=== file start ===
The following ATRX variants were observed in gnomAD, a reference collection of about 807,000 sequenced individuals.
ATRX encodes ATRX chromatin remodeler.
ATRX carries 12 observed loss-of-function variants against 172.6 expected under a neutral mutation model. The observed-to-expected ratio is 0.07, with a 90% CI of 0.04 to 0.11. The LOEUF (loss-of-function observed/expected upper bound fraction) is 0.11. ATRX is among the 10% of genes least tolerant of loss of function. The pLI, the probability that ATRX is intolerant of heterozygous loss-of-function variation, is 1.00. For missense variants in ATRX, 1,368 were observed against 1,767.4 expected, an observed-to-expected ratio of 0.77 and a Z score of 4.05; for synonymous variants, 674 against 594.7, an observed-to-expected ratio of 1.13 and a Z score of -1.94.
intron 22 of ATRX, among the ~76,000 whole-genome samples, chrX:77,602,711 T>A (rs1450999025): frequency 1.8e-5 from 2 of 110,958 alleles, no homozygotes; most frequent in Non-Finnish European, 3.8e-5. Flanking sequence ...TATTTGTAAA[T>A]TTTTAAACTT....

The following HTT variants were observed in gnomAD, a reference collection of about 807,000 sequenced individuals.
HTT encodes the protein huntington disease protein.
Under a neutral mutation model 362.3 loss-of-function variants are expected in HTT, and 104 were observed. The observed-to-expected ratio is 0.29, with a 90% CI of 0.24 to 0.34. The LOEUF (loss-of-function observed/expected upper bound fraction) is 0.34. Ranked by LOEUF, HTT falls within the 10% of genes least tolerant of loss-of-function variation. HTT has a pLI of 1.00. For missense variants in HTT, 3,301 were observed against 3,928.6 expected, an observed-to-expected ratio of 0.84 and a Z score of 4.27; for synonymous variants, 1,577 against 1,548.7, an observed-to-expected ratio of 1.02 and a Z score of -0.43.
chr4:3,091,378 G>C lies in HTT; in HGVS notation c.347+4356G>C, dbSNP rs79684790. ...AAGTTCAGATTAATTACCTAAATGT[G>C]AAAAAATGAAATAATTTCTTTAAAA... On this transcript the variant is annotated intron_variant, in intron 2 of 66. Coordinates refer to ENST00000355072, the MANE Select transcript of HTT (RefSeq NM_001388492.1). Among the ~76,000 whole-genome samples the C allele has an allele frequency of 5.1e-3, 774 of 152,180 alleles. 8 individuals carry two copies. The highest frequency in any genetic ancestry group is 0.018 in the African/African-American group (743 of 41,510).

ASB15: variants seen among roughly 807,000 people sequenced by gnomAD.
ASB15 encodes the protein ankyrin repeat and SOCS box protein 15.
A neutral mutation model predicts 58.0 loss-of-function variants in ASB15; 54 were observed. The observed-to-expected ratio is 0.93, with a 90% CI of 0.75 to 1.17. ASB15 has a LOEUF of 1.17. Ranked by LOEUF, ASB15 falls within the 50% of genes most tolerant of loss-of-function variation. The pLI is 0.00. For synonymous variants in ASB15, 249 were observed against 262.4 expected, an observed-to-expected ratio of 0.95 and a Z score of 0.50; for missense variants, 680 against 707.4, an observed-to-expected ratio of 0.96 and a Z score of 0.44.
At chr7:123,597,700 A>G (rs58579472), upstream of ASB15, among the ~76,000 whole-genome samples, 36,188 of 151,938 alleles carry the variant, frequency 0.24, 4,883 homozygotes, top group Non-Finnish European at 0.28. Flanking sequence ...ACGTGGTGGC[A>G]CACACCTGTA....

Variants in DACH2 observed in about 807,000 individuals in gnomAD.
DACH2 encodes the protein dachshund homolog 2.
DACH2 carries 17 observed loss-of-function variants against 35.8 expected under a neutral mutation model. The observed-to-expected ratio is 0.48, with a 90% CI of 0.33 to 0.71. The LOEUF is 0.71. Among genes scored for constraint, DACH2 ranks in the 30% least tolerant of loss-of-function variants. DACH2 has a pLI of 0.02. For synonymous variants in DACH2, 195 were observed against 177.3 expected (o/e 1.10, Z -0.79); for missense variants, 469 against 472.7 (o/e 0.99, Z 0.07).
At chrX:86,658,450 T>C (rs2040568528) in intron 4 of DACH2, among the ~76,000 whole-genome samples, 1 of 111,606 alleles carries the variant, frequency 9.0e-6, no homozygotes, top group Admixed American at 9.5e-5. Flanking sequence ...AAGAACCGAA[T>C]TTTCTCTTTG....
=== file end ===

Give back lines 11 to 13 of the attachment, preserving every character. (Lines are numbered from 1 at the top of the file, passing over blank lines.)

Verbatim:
A neutral mutation model predicts 58.0 loss-of-function variants in ASB15; 54 were observed. The observed-to-expected ratio is 0.93, with a 90% CI of 0.75 to 1.17. ASB15 has a LOEUF of 1.17. Ranked by LOEUF, ASB15 falls within the 50% of genes most tolerant of loss-of-function variation. The pLI is 0.00. For synonymous variants in ASB15, 249 were observed against 262.4 expected, an observed-to-expected ratio of 0.95 and a Z score of 0.50; for missense variants, 680 against 707.4, an observed-to-expected ratio of 0.96 and a Z score of 0.44.
At chr7:123,597,700 A>G (rs58579472), upstream of ASB15, among the ~76,000 whole-genome samples, 36,188 of 151,938 alleles carry the variant, frequency 0.24, 4,883 homozygotes, top group Non-Finnish European at 0.28. Flanking sequence ...ACGTGGTGGC[A>G]CACACCTGTA....

Variants in DACH2 observed in about 807,000 individuals in gnomAD.